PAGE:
A wake-up call to im­prove our abil­ity to come to­gether

The Amherst News - - OP-ED - Danny Gra­ham is the chief en­gage­ment of­fi­cer for En­gage Nova Sco­tia.

It’s been al­most one year since Don­ald Trump was elected U.S. Pres­i­dent.

And for many of us Cana­di­ans we re­main as be­wil­dered to­day as we did a year ago.

It’s com­mon for us to mock our “Amer­i­can Cousins” - or a lot of them - for be­ing duped by the “un­truths” of their new pres­i­dent. We are in­dig­nant that so many of them want to de­stroy Oba­macare (the Af­ford­able Care Act) that, in spirit, is so Canadian - eh.

And why can’t they just give up their guns in the wake of so many tragic shoot­ings?

I have Amer­i­can rel­a­tives who love Trump, hate Oba­macare and own hand­guns. We bar­beque, talk sports, love our chil­dren and en­joy each other’s com­pany.

They are good-hearted peo­ple – some born in At­lantic Canada. We trust each other to be there for cri­sis, an­niver­saries, funer­als and wed­dings – but that’s where the trust ends. We have lost our abil­ity to dis­cuss pol­i­tics, cli­mate change and many of the most im­por­tant chal­lenges fac­ing our world.

So, what gives? Is this a US-Canada thing? Partly yes and mostly no. Let’s start with the con­cept of trust.

The Edel­man Trust Barom­e­ter (https://www.edel­man.com/trust2017/) shows that, glob­ally, trust is plum­met­ing - in gov­ern­ment, me­dia, busi­ness and NGOs. Only 15% of 33,000 peo­ple sur­veyed in 28 coun­tries be­lieve the sys­tem is work­ing, while 52% be­lieve it is not –32% are un­cer­tain. This con­tin­ues a dra­matic de­cline that started with the global fi­nan­cial cri­sis.

Closer to home, the 2017 Barom­e­ter, as well as EKOS Re­search, point to a Canada that can no longer count it­self im­mune from the global trends of im­plod­ing trust and ris­ing pop­ulism.

While we have im­por­tant at­ti­tu­di­nal dif­fer­ences with Amer­i­cans, we mostly have sim­i­lar­i­ties. Poll­ster Frank Graves tracks th­ese trends and won­ders whether the Canadian es­tab­lish­ment – tonedeaf to the pop­u­lar­ity of the likes of Trump, Rob Ford or Don Cherry – re­main out of touch.

Well-ed­u­cated opinion lead­ers are com­plain­ing about us en­ter­ing a “post-truth” era, but should we be pay­ing more at­ten­tion to a “post-trust” era?

Trust is one of the se­crets to so­ci­etal hap­pi­ness and well­be­ing, ac­cord­ing to renowned Canadian re­searcher John Hel­li­well. It is the glue for com­mu­ni­ca­tion and col­lab­o­ra­tion - the mor­tar for eco­nomic suc­cess and im­proved qual­ity of life.

Much has been writ­ten in the last two years about why the world got frag­mented and dis­ori­ented (E.g. eco­nomic in­equal­ity, po­lar­iz­ing so­cial me­dia, de­clin­ing “so­cial/ moral fab­ric”), and what’s needed for a re­set (E.g. a dif­fer­ent eco­nomic frame­work; a new po­lit­i­cal par­a­digm; a pub­lic en­gage­ment re­nais­sance).

The dis­tor­tions and dis­rup­tions of many me­dia, and the In­ter­net in par­tic­u­lar, have been mas­sive. Our grand­par­ents wouldn’t rec­og­nize the of­ten-toxic echo cham­bers of Face­book and Twit­ter. They couldn’t imag­ine surf­ing end­less TV chan­nels, blogs and web­sites from our lonely La-Z-Boy to find opin­ions that only re­in­force our nar­row per­spec­tives.

The call of our time is to open our minds wider and dis­cover what those least like us might have to teach us. At its core this gets per­sonal. It re­quires us to ac­cept each other – es­pe­cially when we dis­agree - and con­nect in tough con­ver­sa­tions.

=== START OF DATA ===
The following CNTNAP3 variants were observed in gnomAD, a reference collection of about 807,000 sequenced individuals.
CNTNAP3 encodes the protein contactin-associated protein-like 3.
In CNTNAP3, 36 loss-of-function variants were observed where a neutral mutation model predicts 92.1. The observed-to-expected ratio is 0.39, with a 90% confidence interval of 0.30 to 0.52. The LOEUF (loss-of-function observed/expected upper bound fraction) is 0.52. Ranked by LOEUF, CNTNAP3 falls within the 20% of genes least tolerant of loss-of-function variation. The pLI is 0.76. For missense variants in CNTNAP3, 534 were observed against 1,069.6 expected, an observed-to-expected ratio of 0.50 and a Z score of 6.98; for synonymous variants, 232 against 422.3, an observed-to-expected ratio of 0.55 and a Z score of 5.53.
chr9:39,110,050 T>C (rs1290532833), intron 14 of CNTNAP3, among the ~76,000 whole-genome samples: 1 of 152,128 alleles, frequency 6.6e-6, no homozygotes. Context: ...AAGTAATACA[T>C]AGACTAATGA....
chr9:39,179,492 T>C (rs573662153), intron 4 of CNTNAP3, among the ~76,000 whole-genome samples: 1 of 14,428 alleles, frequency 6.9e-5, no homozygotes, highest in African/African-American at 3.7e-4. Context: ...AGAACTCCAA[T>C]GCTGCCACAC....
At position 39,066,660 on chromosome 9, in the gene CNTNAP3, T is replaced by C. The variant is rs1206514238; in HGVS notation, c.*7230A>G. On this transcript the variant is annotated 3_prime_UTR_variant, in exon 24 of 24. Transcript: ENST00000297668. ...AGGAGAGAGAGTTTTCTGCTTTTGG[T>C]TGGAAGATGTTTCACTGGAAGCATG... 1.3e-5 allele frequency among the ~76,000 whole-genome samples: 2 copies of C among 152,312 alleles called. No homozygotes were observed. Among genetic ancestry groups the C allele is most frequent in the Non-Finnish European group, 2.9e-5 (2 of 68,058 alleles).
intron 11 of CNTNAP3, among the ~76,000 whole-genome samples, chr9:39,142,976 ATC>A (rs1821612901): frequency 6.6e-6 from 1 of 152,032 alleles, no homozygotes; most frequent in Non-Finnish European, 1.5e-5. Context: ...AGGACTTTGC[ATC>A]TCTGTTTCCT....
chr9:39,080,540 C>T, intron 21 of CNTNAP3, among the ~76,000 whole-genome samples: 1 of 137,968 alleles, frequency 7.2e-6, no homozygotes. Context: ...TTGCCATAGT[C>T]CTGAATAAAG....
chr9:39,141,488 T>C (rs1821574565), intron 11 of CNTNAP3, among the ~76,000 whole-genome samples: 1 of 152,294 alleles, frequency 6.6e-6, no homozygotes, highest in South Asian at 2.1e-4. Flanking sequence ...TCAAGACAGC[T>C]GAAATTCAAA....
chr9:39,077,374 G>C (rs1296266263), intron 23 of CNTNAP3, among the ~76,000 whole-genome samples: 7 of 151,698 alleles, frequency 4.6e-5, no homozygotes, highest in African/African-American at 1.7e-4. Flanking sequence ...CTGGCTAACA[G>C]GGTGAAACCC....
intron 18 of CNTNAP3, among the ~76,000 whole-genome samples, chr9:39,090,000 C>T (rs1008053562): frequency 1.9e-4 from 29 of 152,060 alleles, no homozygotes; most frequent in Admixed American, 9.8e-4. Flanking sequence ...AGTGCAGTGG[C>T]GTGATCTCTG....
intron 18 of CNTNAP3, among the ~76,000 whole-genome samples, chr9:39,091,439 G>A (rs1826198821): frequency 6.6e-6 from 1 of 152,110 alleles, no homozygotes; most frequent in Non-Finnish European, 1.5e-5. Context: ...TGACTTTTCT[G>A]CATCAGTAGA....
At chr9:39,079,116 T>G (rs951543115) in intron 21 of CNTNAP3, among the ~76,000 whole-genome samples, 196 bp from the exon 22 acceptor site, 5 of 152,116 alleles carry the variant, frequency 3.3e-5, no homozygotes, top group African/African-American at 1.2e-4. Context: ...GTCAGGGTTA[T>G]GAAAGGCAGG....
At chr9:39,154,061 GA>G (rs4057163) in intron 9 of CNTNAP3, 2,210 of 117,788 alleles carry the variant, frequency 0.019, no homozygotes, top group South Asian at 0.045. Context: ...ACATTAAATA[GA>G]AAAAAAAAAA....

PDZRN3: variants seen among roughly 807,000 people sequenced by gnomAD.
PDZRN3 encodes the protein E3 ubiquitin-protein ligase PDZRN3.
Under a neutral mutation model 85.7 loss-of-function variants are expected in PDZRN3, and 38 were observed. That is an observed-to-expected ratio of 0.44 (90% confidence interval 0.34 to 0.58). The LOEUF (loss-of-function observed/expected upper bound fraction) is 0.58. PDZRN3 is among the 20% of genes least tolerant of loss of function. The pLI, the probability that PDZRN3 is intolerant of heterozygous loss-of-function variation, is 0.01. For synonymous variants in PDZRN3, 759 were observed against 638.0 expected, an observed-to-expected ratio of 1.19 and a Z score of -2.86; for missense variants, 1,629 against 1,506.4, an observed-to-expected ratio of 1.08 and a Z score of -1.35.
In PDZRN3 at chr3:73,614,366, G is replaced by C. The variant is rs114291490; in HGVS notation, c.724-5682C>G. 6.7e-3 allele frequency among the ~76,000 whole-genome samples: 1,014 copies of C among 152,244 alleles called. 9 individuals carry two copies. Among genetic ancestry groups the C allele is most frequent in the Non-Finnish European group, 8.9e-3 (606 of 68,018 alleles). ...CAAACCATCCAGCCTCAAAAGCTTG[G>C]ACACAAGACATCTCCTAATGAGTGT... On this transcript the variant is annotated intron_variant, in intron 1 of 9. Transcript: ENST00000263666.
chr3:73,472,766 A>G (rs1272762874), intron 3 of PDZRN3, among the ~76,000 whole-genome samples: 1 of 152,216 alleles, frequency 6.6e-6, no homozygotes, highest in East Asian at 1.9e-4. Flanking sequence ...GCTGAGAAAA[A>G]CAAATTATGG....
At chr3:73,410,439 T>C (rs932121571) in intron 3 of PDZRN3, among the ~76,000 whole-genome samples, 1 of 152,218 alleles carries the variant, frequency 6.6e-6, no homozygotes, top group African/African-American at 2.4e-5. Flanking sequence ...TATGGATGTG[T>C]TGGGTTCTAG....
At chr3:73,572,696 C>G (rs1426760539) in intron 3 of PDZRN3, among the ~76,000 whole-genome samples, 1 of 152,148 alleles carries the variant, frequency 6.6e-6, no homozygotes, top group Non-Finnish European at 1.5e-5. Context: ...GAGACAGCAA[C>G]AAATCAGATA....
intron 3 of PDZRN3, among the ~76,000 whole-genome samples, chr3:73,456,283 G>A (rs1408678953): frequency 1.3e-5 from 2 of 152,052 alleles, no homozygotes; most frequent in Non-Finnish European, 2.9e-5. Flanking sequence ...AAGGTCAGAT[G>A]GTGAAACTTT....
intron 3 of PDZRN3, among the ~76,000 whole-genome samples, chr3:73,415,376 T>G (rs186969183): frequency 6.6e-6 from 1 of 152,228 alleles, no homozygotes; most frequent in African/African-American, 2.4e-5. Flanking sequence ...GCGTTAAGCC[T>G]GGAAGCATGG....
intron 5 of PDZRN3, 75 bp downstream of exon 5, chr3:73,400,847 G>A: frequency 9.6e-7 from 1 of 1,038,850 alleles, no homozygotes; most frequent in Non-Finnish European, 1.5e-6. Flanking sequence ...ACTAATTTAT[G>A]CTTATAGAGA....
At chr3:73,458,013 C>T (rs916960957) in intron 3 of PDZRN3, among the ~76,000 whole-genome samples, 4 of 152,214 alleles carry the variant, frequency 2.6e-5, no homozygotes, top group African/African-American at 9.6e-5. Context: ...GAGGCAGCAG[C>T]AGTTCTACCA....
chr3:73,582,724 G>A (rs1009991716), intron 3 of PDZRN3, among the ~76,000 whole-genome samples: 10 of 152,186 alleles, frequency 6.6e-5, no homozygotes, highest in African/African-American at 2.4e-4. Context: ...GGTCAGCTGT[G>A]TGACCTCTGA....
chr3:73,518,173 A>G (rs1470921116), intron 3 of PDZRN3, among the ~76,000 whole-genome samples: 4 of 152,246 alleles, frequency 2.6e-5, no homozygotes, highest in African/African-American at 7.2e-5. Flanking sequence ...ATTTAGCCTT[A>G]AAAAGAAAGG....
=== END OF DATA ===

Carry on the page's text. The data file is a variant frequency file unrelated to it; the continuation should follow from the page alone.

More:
Pick your wicked Nova Sco­tia prob­lem - racism, clear-cut­ting, eco­nomic de­pen­dence, size of gov­ern­ment, in­equal­ity, youth out­mi­gra­tion, voter ap­a­thy or real es­tate de­vel­op­ment. None of them are quickly fix­able. They can only be re­solved at the speed of trust.

The Ivany Re­port said, “Over­com­ing the psy­cho­log­i­cal bar­ri­ers of di­vi­sion, dis­trust and dis­cour­age­ment may be just as im­por­tant as rais­ing cap­i­tal, pro­duc­ing new prod­ucts or find­ing new mar­kets.”

Our or­ga­ni­za­tion, En­gage Nova Sco­tia, has been work­ing with Nova Sco­tia com­mu­ni­ties to build trust through bet­ter pub­lic en­gage­ment be­cause we be­lieve it’s harder to dis­trust some­one “up close”. At­ti­tudes are formed in fam­i­lies and com­mu­ni­ties, and global change starts lo­cally.

In the last two months for ex­am­ple we have col­lab­o­rated on work­shops with 16 mu­nic­i­pal­i­ties to build un­der­stand­ing about the im­por­tance of pub­lic en­gage­ment. Th­ese mu­nic­i­pal­i­ties and oth­ers are build­ing ca­pac­ity to host bet­ter pub­lic meet­ings and close the “trust gap” amongst scep­ti­cal cit­i­zens, am­bi­tious com­mu­nity or­ga­ni­za­tions and cau­tious lo­cal gov­ern­ments.

Imag­ine a Nova Sco­tia where peo­ple reg­u­larly came out to com­mu­nity meet­ings; felt heard; built un­der­stand­ing with long-stand­ing op­po­nents; and sup­ported bold lead­er­ship to find new so­cial, eco­nomic and en­vi­ron­men­tal op­por­tu­ni­ties.

Th­ese work­shops are a few of the ac­tiv­i­ties we are un­der­tak­ing, in part­ner­ship with peo­ple and or­ga­ni­za­tions from one end of the prov­ince that are step­ping up be­cause they be­lieve in this place, and are ready to build a Nova Sco­tia that is more uni­fied, in­clu­sive and adap­tive to change.

The US pres­i­den­tial elec­tion and the mis­er­able splin­ter­ing our “cousins” are ex­pe­ri­enc­ing rep­re­sent a wake-up call to im­prove our abil­ity to the come to­gether. Let’s not waste it.

I be­lieve we are up to the chal­lenge. If ever there was a can­did and tol­er­ant cul­ture that can nav­i­gate th­ese chan­nels, Nova Sco­tia is it.


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